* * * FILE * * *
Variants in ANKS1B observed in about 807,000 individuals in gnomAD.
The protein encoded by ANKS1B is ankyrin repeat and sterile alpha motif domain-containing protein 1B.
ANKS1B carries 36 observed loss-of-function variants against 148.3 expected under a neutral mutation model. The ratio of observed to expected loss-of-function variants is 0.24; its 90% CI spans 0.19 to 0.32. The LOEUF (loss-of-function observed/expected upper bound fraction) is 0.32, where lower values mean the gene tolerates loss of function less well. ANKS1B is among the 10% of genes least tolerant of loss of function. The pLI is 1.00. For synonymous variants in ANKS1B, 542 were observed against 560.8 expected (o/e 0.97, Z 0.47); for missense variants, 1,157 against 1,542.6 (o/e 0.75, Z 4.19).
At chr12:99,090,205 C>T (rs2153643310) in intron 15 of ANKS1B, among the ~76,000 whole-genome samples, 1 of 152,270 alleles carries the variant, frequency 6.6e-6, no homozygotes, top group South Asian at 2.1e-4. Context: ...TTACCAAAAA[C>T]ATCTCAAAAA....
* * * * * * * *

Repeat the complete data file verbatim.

Variants in ANKS1B observed in about 807,000 individuals in gnomAD.
The protein encoded by ANKS1B is ankyrin repeat and sterile alpha motif domain-containing protein 1B.
ANKS1B carries 36 observed loss-of-function variants against 148.3 expected under a neutral mutation model. The ratio of observed to expected loss-of-function variants is 0.24; its 90% CI spans 0.19 to 0.32. The LOEUF (loss-of-function observed/expected upper bound fraction) is 0.32, where lower values mean the gene tolerates loss of function less well. ANKS1B is among the 10% of genes least tolerant of loss of function. The pLI is 1.00. For synonymous variants in ANKS1B, 542 were observed against 560.8 expected (o/e 0.97, Z 0.47); for missense variants, 1,157 against 1,542.6 (o/e 0.75, Z 4.19).
At chr12:99,090,205 C>T (rs2153643310) in intron 15 of ANKS1B, among the ~76,000 whole-genome samples, 1 of 152,270 alleles carries the variant, frequency 6.6e-6, no homozygotes, top group South Asian at 2.1e-4. Context: ...TTACCAAAAA[C>T]ATCTCAAAAA....